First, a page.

Introduction: Diabetes mellitus (DM) is one of the major public health issues facing the world in the 21st century, WHO estimates >425 million people have DM worldwide, India having second highest, i.e., 72.9 million. The link of vitamin D with abnormal glucose metabolism gained more scientific attention in the last decade. Globally one in six adults is obese and nearly 2.8 million die each year due to obesity. Obesity and DM are chronic diseases harming human health. Studies demonstrate vitamin D deficiency is closely related to obesity and increased risk of DM. Aims and objectives: To study the clinical profile of newly-detected-type-II-DM patients in relation to vitamin D levels. Correlation of vitamin D levels with BMI in newly-detected-type-II-DM patients. Materials and methods: This is a cross-sectional observational study done over 1 year, among 150 newly-detected-type-II-DM patients, in RRMCH. Informed consent was taken and detailed history, physical examination was done. All patients were submitted for investigations like FBS, PPBS, HbA1c, and vitamin D levels. Results: The mean age was 49.17 ± 12.72. One hundred and eleven (74%) of them had vitamin D levels <30 ng/dL. Mean vitamin D levels were 24.24 ± 11.20. Mean HbA1c was 10.96 ± 1.78, 9.66 ± 1.37, and 7.05 ± 0.65, among patients having their vitamin D levels ranging <20, 20–30, and >30 ng/dL, respectively, showing p value < 0.001. Mean BMI was 29.90 ± 2.18, of 111 of them who had vitamin D levels <30 ng/dL, 74 of them had BMI (18.5–22.9), 20 had BMI (23–24.9), and 17 of them had BMI >25. Interpretation and conclusion: In our study, we found that the higher the HbA1c levels, the lower was the vitamin D levels suggesting a good correlation between poor glycemic control and low vitamin D levels. Also, BMI showed moderate correlation to vitamin D levels. Thus, we can conclude that vitamin D levels can be independent risk factors for the development of DM and obesity and hence must be treated promptly.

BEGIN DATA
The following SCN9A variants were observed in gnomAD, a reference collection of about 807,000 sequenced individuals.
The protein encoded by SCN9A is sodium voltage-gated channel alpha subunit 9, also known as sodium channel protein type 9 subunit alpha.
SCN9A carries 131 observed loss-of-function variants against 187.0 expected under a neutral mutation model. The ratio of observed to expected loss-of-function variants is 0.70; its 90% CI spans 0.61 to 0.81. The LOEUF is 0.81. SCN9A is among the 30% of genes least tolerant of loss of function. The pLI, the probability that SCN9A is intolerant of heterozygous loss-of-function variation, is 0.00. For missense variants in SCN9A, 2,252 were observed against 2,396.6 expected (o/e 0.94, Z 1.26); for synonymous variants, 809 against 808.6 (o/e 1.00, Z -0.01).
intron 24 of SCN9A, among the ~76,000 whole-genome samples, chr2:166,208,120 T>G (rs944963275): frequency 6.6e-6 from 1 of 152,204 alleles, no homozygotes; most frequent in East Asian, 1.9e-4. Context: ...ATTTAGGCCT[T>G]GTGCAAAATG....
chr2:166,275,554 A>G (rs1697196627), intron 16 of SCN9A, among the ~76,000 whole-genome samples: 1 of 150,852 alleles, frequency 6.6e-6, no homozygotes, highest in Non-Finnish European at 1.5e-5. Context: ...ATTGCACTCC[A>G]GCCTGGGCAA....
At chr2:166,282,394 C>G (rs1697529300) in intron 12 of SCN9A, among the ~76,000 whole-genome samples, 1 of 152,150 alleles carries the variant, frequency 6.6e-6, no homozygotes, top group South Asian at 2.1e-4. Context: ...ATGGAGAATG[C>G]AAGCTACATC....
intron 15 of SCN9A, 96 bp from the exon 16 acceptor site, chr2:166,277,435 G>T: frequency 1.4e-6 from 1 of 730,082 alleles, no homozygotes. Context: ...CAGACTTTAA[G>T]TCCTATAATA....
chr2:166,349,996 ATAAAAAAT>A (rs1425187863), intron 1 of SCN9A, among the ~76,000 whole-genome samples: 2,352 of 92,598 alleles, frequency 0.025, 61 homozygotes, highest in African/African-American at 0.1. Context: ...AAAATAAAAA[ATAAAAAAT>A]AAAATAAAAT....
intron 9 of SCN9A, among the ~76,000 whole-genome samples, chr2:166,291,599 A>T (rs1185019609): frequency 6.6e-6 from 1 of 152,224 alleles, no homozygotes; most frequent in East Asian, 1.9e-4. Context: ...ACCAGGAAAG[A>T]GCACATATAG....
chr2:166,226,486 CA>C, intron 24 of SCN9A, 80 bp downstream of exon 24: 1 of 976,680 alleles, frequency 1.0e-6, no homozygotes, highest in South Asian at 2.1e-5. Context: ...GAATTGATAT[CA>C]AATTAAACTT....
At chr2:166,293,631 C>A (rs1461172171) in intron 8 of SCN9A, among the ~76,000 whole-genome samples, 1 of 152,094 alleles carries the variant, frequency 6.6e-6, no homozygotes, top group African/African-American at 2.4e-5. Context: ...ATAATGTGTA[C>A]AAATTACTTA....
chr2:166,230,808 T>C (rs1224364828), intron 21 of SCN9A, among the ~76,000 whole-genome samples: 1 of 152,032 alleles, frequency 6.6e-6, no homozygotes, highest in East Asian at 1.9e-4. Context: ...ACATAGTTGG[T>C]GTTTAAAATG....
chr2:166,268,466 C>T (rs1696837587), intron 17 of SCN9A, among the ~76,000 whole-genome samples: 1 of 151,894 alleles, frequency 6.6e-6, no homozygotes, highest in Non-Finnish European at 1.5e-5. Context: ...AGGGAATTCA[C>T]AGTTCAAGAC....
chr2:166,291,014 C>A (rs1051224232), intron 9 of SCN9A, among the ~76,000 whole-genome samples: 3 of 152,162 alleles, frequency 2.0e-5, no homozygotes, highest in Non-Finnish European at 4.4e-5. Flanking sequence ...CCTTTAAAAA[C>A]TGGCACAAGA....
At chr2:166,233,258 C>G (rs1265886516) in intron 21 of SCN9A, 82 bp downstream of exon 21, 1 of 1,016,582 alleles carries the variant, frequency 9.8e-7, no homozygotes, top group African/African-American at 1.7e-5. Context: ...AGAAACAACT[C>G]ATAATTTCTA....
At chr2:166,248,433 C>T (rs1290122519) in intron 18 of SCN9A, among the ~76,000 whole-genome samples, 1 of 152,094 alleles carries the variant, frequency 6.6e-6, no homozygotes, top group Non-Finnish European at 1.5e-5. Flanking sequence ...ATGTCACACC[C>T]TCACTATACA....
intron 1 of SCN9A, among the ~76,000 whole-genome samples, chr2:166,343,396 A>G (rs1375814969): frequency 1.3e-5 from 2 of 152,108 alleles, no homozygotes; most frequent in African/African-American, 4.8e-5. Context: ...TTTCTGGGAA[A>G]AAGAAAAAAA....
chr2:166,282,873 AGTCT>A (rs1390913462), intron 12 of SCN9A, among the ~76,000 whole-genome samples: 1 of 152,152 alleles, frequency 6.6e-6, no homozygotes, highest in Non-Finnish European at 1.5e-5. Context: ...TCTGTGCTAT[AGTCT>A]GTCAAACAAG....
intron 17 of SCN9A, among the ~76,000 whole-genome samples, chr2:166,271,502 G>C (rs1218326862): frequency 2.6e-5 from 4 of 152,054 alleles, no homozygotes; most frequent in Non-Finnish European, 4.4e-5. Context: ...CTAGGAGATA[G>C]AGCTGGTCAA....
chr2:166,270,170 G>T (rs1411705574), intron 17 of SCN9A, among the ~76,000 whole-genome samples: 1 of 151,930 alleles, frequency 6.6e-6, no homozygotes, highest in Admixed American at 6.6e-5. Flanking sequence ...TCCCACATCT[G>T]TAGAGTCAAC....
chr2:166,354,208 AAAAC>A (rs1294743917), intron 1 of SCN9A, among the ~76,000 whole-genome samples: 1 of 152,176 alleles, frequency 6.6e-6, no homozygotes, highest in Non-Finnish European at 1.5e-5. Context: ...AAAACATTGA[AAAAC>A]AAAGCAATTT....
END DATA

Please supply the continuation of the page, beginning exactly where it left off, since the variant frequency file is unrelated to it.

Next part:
Biswajit G Dastidar, Shazia Gulshan, Anindya Sarkar, Arup K Halder

Uncommon Presentation of a Common Infection

[Year:2020] [Month:October-December] [Volume:6] [Number:4] [Pages:2] [Pages No:68 - 69]

Keywords: Ferritin, Hemophagocytic lymphohistiocytosis, Salmonella, Sepsis

   DOI: 10.5005/jp-journals-10045-00159  |  Open Access | 


Introduction: Hemophagocytic lymphohistiocytosis (HLH) is a clinical syndrome resulting from the immunological hyperactivation of macrophages. The condition can be triggered by an infection, malignancy, or autoimmune disease. Though the current literatures demonstrated a significant portion of sepsis patients are probably suffering from HLH. Case description: Here, we present a case who presented like features of gram-negative sepsis but prompt diagnosis of HLH and treatment saved the patient's life. Conclusion: Hemophagocytic lymphohistiocytosis should be anticipated and recognized in fulminating sepsis-like conditions and promptly treated with steroids.



Srinivas M Prasad, MVS Shreyas, MS Prakash, S Santhosh

Management of AKI in Rhino-sinosal Mucormycosis Treated with Amphotericin B

[Year:2020] [Month:October-December] [Volume:6] [Number:4] [Pages:4] [Pages No:70 - 73]

Keywords: COVID-19, Fungal infection, Hypervolemia

   DOI: 10.5005/jp-journals-10045-00161  |  Open Access | 


We describe a case of rhino-sinosal mucormycosis in a CAT-B coronavirus disease-2019 (COVID-19) patient who developed an AKI, 2 weeks following her recovery from COVID-19. The case report explores the impact of appropriate fluid balance on the treatment of AKI in a patient receiving Inj amphotericin B for the management of rhino-sinosal mucormycosis which she contracted during her COVID-19 infection.